Manchester History during the Reformation

Country Houses in Greater
Manchester & Lancashire

During the Tudor & Reformation

Rufford Old hall

Near Ormskirk, Southport, Lancashire L40 1SG. Tel:
Reckoned by many to be one of the finest 15th/16th century timber
construction frame buildings in Lancashire, with a particularly magnificent
Great Hall with its very large moveable screen. There is a fine collection
of 17th century oak furniture, as well as collections of 16th century
arms, armour, furniture, costume and tapestries. The traditional home
of the Hesketh family, many 18th and 19th century domestic and agricultural
relics survive and are on display.

Rufford hall Rufford Hall near Southport, Lancashire

Garden of special interest – 14 acres. Picnic
area. National Trust property, with souvenir and book shop. No photography
allowed, but amateurs may apply direct to National Trust for out-of-hours
permission. Female visitors are requested not to wear high heels so
as to protect the floors. A “Living History Education Service”
operates on the property, specialising in the Tudor period – by prior
arrangement with the Administrator. Regrettably, disabled access to
Gardens, Great Hall, Entrance Hall and Restaurant only. Refreshments
available for lunches and teas in the Restaurant, with a limited Licensed
Menu. No dogs allowed inside – gardens only, and on leads.
Garden, shop and hall open afternoons beginning
of April to end of October, daily except Friday. Times may change
– please check before setting off.
Located close to Rufford, 7 miles north of
Ormskirk on the east side of the A59. By bus: Ribble, North Western
service 101 from Preston to Ormskirk, or ABC Service 754/8 from Liverpool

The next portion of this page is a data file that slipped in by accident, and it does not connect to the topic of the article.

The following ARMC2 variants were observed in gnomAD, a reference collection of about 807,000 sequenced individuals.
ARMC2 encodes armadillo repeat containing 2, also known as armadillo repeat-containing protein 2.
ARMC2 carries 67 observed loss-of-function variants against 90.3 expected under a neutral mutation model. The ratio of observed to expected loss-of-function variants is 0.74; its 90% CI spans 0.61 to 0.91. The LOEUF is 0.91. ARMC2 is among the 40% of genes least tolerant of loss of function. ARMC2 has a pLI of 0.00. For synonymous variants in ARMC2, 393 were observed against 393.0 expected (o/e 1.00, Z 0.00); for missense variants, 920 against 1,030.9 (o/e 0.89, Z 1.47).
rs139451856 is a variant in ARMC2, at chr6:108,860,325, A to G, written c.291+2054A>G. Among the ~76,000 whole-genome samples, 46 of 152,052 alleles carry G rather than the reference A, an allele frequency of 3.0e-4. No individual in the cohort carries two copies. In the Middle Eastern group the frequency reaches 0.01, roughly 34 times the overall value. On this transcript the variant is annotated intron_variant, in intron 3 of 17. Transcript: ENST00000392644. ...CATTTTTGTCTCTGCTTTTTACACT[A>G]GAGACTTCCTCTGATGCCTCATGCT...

to Blackpool. By Train: Rufford Station (except Sundays) about a half
mile walk away. Or Burscough Bridge about 2½ miles.

Hall & Gardens

Smithills Dean Road, Bolton BL1 7NP. Telephone: 01204-332
Email: Website:

Smithills Hall & Coaching House, BoltonSmithills Hall, Bolton, Manchester

Smithills Hall dates back to the 14th century,
and is in a first-class state of preservation as one of the oldest manor
houses in Northern England. Huge oak beams support the Great Hall which
has been fully restored to its original state. Oak panelling is distinctive.
The house originally belonged to the Barton family, and later the Ainsworths.
Living Rooms are available to the public, as is the chapel, which has
Tudor panelling and heraldic stained glass – services held on Sundays,
and for weddings.
Bought by Bolton Corporation in 1937, and opened to the public in 1963,
restoration work having been halted by the Second World War. The converted
stables opened as a Coaching House Restaurant in 1967.
Smithills Hall has been granted Accredited Museum status by the Museums,
Libraries and Archives Council.
Smithills is open Friday and Sunday afternoons, but please phone to
confirm this before setting out.
Due to the age of the building there are uneven floors and steps and
wheelchair access is to the ground floor only
By road: from Bolton town centre, take the A666 north, turn left onto
Halliwell Road and follow signs to Smithills Hall. By bus: take bus
numbers 525, 526 or 527 from Bolton bus station

Sources: See
Bibliography – Books about Manchester

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© John Moss, Papillon Graphics AD 2013 Manchester, United Kingdom – all rights reserved.
This page last updated 18 Jan 13.